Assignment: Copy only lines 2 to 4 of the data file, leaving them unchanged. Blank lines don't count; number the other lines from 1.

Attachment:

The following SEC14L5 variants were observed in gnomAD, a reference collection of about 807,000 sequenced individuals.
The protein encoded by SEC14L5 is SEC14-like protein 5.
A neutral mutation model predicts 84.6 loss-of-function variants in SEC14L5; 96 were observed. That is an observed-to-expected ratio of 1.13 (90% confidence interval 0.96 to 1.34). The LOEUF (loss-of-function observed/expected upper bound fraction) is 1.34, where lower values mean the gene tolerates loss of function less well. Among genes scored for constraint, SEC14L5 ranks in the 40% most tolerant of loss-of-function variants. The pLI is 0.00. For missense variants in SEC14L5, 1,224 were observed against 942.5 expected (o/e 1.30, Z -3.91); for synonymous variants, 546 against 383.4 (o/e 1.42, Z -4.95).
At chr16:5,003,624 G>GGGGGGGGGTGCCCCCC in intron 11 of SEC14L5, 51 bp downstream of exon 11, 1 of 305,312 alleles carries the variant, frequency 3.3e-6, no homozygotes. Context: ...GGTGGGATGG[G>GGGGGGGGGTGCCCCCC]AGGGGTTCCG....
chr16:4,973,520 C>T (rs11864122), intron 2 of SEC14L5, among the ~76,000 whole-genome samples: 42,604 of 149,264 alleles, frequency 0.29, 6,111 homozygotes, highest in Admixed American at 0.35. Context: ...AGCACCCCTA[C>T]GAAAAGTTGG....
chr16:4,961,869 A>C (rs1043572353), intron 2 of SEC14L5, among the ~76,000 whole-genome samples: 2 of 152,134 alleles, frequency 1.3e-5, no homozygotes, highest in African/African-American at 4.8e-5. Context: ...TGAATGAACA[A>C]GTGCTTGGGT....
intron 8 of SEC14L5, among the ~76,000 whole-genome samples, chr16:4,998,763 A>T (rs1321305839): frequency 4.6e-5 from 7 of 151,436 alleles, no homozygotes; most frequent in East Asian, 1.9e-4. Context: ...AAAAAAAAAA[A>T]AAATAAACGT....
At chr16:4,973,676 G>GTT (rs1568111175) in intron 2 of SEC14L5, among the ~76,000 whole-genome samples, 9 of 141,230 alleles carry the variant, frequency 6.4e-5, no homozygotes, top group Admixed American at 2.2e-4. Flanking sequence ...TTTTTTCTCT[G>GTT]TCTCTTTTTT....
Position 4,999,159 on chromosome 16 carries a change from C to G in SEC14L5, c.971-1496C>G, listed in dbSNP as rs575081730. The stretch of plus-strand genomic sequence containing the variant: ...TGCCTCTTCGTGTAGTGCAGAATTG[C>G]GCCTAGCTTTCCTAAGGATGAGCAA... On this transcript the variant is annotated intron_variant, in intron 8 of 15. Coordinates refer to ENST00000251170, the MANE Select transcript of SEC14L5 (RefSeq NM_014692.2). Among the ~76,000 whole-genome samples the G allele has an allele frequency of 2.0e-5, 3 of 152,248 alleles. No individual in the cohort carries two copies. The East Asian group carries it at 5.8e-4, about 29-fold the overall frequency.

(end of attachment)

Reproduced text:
The protein encoded by SEC14L5 is SEC14-like protein 5.
A neutral mutation model predicts 84.6 loss-of-function variants in SEC14L5; 96 were observed. That is an observed-to-expected ratio of 1.13 (90% confidence interval 0.96 to 1.34). The LOEUF (loss-of-function observed/expected upper bound fraction) is 1.34, where lower values mean the gene tolerates loss of function less well. Among genes scored for constraint, SEC14L5 ranks in the 40% most tolerant of loss-of-function variants. The pLI is 0.00. For missense variants in SEC14L5, 1,224 were observed against 942.5 expected (o/e 1.30, Z -3.91); for synonymous variants, 546 against 383.4 (o/e 1.42, Z -4.95).
At chr16:5,003,624 G>GGGGGGGGGTGCCCCCC in intron 11 of SEC14L5, 51 bp downstream of exon 11, 1 of 305,312 alleles carries the variant, frequency 3.3e-6, no homozygotes. Context: ...GGTGGGATGG[G>GGGGGGGGGTGCCCCCC]AGGGGTTCCG....